In our last post about Washington & Lee University in 1969, many were surprised — including myself — by how many of the young men had fastened the top button on their three-button jackets.
It certainly led to many speculations here and on our Facebook page. Was this a regional thing? Were the jackets made as straight-up three-button models, rather than with a lapel that wants to roll to the middle button? One reader took speculation to such a degree that he surmised that all these natty young men had been instructed by the photographer to button their jackets for the photo, and fastened the top buttons instinctively.
Over the years we’ve explored many quirks of dressing during the Ivy heyday and preppy ’80s, including wearing a crewneck sweater high in the front and wearing your oxford-cloth buttondown with the rear of the collar askew. But we’ve never addressed the merits — if there are any — of buttoning the top button on a three-button jacket. Your menswear textbooks advise against it — whether your jacket is English, Ivy, or Continental — and an unfastened buttonhole on one’s lapel is a crucial sartorial signifier for orthodox trads standing athwart fashion history.
Instead of a 3/2, you could call this style the 2/3, as in fastening two out of the three buttons:
I reached out to G. Bruce Boyer for his thoughts on the matter, and he wrote:
In the ’50s, “genuine” Ivy Leaguers — i.e., guys who were students at decent colleges and universities — buttoned either the middle or the top two buttons of their coats. Many jazz musicians, hipsters, blue-collar followers of the style, and rockers buttoned only the top button.
Richard Press — grandson of J. Press founder Jacobi — had this to say:
Washington & Lee’s 1969 alleged fashionistas were expert mimes of an arcane campus style that died when top-tier Ivies opened their doors to previously disdained student populations. Nevertheless, during the heyday, Fence, Porcellian and Cottage Club wouldn’t be caught dead buttoning anything other than the middle button.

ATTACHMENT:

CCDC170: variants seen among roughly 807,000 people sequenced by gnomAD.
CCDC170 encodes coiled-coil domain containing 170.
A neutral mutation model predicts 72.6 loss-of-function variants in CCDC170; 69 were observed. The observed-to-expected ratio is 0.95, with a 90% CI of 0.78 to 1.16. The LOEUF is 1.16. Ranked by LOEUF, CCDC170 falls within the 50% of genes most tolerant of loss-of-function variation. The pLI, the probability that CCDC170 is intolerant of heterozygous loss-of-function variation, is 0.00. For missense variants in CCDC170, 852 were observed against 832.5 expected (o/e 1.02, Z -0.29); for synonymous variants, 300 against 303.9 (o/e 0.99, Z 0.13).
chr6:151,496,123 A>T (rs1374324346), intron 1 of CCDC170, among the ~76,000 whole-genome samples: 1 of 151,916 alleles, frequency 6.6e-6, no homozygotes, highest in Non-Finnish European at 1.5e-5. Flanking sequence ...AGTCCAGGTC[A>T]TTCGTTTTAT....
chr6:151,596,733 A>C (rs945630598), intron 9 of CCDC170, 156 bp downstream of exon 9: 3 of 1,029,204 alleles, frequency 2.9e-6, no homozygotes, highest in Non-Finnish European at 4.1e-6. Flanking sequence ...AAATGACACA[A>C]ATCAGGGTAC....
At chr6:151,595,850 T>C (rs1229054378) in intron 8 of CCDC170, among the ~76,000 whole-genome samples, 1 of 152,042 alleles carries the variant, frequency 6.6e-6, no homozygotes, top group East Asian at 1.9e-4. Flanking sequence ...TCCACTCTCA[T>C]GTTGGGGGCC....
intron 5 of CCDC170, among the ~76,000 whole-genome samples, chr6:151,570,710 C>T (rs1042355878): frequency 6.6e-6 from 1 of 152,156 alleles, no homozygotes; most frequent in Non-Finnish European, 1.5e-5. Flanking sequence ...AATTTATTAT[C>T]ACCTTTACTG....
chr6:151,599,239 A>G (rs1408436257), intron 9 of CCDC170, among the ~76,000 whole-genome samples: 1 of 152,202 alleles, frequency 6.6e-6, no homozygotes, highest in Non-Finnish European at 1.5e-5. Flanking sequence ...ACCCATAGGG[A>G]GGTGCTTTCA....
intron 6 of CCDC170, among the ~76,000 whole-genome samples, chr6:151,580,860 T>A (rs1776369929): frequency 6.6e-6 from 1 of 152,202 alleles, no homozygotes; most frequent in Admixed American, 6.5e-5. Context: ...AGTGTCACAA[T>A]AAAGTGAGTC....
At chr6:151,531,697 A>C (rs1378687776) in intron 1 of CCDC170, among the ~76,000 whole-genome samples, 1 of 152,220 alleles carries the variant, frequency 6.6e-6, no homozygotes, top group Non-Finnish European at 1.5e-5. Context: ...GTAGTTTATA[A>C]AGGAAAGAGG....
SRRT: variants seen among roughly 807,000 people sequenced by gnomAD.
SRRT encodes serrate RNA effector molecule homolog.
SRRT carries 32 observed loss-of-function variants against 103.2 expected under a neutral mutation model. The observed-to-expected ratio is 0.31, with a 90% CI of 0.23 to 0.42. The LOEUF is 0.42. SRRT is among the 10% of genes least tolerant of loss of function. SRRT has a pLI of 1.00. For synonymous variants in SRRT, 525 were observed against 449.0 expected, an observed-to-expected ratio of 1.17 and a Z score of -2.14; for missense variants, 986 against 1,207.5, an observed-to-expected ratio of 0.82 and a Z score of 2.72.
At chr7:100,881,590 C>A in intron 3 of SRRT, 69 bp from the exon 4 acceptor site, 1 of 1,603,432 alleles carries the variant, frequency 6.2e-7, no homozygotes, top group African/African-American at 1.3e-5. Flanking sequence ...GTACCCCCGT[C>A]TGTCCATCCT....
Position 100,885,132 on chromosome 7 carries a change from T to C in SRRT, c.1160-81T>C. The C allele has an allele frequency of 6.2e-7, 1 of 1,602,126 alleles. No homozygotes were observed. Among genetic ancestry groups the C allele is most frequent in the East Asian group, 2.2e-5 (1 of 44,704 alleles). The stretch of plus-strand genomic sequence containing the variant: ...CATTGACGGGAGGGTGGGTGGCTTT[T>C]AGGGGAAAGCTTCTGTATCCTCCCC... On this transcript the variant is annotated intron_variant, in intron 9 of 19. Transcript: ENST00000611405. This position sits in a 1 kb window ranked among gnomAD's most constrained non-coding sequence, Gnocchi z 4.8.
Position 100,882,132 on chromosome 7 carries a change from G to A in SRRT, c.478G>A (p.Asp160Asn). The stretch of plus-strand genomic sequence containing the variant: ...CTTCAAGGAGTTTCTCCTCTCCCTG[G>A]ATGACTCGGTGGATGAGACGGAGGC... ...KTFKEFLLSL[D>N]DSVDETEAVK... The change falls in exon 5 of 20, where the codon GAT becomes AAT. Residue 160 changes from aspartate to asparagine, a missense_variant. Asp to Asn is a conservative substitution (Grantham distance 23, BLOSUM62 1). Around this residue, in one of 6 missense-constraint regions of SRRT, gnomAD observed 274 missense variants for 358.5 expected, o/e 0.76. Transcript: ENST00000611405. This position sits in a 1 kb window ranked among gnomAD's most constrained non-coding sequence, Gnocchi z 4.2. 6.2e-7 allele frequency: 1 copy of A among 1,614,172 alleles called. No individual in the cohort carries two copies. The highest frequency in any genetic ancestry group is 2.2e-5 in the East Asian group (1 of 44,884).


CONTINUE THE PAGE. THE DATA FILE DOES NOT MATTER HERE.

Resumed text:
This comment, by reader “Roycru,” takes a diplomatic approach:
So far, much of the evidence that any rules about buttoning your jacket existed before the invention of the Internet might be considered as hearsay in many courts.
On the other hand, pictures on websites like Voxsartoria and the several blogs that post scans of pre-Internet-era Brooks Brothers catalogs show many variations of buttoning. These pictures are evidence of the pre-Internet freedom men had to button their jackets (which, after all are their private property) any way they wanted.
After this post went up, I threw on a new herringbone sportcoat over a pair of khakis to run some errands. I fastened the top button, and it felt pleasantly mischievous. It also felt Japanese. For all of their scrupulous attention to detail, the Japanese are well known for the quirk of fastening the top button, as these images show.
We’ll end by putting the matter to a vote. Shall we say it takes 2/3 to win? — CC